As this article of Rajiv Rao indicates, they now consider us a serious competitor who has secured at least 50 percent of their BPO business. The IT and Business Processing Association of the Philippines (IBPAP) reports that there will be over one million employees in the business this year.  Last year, the industry posted $16 billion as revenue. I never dreamt that we could attain these figures. Our congratulations go to IBPAP and DTI who share the credit for this outstanding achievement. For the record, it was the unstinting and sustained support of President Gloria Macapagal Arroyo during her tenure that made the difference.

Wake-up call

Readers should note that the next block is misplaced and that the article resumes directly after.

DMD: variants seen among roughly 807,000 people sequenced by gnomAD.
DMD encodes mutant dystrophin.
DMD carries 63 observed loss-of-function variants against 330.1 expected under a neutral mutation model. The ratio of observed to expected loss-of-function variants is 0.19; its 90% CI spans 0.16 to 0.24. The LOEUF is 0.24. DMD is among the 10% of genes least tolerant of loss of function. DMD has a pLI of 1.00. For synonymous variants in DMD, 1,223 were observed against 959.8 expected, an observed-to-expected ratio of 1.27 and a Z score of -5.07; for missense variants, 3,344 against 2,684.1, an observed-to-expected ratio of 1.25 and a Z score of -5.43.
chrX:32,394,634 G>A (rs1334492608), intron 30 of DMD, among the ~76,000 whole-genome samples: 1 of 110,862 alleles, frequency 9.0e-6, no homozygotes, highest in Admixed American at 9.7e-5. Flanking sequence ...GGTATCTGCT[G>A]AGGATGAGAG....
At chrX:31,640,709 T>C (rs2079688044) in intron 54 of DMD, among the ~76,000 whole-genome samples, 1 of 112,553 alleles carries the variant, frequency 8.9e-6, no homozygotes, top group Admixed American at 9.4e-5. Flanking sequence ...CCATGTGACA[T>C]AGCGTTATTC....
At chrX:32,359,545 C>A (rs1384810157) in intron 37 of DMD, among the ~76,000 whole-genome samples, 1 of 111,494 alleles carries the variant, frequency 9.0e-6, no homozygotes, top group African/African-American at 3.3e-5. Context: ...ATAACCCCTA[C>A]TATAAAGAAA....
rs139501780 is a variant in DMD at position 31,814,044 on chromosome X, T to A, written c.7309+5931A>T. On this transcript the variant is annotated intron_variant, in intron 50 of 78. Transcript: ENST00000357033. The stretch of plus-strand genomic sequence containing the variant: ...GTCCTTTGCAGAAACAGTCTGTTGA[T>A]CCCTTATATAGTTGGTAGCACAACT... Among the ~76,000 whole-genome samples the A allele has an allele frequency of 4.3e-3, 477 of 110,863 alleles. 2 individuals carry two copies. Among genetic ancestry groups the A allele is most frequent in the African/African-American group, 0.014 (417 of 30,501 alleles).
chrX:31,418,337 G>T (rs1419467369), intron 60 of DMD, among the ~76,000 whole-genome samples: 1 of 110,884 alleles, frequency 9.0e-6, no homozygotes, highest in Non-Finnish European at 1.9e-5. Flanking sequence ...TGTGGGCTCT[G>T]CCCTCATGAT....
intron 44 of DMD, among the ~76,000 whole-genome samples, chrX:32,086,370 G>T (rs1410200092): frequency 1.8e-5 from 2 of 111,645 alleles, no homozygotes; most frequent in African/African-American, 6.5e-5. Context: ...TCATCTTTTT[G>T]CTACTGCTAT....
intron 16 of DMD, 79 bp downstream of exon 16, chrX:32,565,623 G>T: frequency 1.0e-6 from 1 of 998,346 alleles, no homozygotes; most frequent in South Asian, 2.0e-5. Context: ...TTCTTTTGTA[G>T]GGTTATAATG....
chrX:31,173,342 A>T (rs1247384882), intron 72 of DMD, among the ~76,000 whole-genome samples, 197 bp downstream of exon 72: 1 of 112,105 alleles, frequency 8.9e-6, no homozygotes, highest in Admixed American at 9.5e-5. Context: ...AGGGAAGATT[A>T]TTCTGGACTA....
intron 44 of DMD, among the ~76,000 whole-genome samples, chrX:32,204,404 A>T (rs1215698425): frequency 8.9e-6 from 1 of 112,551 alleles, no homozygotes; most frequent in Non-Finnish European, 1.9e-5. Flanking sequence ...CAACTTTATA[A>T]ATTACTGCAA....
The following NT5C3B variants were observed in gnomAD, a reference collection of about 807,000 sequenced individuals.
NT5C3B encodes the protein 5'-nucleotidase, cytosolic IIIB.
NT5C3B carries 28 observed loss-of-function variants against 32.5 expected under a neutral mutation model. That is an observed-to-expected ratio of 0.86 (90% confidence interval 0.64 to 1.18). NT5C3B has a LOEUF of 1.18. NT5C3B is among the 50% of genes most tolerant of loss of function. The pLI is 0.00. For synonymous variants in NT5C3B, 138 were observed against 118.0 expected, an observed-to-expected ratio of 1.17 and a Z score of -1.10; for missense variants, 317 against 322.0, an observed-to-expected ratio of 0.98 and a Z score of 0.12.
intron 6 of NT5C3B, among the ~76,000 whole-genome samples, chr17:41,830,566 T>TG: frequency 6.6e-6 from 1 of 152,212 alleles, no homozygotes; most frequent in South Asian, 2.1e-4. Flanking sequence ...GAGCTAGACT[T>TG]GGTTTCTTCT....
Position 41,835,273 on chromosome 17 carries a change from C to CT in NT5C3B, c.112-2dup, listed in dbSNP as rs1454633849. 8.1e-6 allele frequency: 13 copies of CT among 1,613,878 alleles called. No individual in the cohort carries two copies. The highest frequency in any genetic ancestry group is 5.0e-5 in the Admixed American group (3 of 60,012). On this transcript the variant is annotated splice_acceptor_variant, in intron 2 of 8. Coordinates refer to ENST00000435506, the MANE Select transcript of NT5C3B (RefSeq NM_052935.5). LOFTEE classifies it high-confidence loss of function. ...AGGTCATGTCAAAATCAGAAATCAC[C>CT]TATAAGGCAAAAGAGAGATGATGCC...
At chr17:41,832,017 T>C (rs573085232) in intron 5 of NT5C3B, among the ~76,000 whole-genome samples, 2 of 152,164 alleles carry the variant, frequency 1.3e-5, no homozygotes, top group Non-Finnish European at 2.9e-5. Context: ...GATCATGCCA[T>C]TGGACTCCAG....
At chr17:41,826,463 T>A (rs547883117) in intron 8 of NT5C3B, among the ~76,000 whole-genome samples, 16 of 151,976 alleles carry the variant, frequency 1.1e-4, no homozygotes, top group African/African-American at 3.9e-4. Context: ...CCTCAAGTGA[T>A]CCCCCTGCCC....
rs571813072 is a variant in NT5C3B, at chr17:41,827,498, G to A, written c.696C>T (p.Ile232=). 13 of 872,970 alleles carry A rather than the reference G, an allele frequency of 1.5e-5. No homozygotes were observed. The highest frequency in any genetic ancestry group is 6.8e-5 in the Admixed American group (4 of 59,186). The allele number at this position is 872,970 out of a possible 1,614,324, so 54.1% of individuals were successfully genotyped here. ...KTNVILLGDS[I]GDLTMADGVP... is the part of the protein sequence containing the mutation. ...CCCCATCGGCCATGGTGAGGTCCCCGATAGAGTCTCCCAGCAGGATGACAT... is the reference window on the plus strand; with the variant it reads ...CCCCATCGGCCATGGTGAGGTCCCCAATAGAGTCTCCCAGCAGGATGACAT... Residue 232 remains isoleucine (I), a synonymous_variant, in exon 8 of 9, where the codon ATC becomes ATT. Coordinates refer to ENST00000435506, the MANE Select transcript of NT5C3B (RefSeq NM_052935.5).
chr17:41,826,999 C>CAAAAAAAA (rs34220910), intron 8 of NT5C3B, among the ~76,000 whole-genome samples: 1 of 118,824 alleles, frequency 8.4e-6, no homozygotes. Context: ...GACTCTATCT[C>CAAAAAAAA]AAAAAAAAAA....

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Further to my column of last week, allow me to emphasize my previous words of caution. Rao’s article points out that “Companies are beginning to migrate back due to a greater need for integrated tech services….” the “days of pure voice play is fast fading”.  In terms of the future, he is correct. A former colleague in IBM informs that BPO is evolving with what Gartner calls as PETS-Process Enhancement Technologies and Services – which embeds cloud, analytics, social and process automation. I think the new generation of buyers are comfortable with these technologies and would much rather interact with an AI (artificial intelligence) engine than a person – so investing in engines and process automation – allows you to have less dependence on people churn. Secondly, the interactions are now moving up the value chain to involve multi-channels, multi-users – a call center agent increasingly will have a hard time coping with this (e.g. on the go customization of products based on user responses requires real time knowledge databases, not scripts). The Philippines will continue to have a niche but not the whole industry as it is today. Another multinational executive told me that you will find global delivery centers or shared services centers – they will weave in their corporate IP and invest in technologies – but they will make it “captive” as it will be a strategic advantage for them. These “captives” will hire people more for their hard skills in analytics, AI technologies etc. rather than for their accents.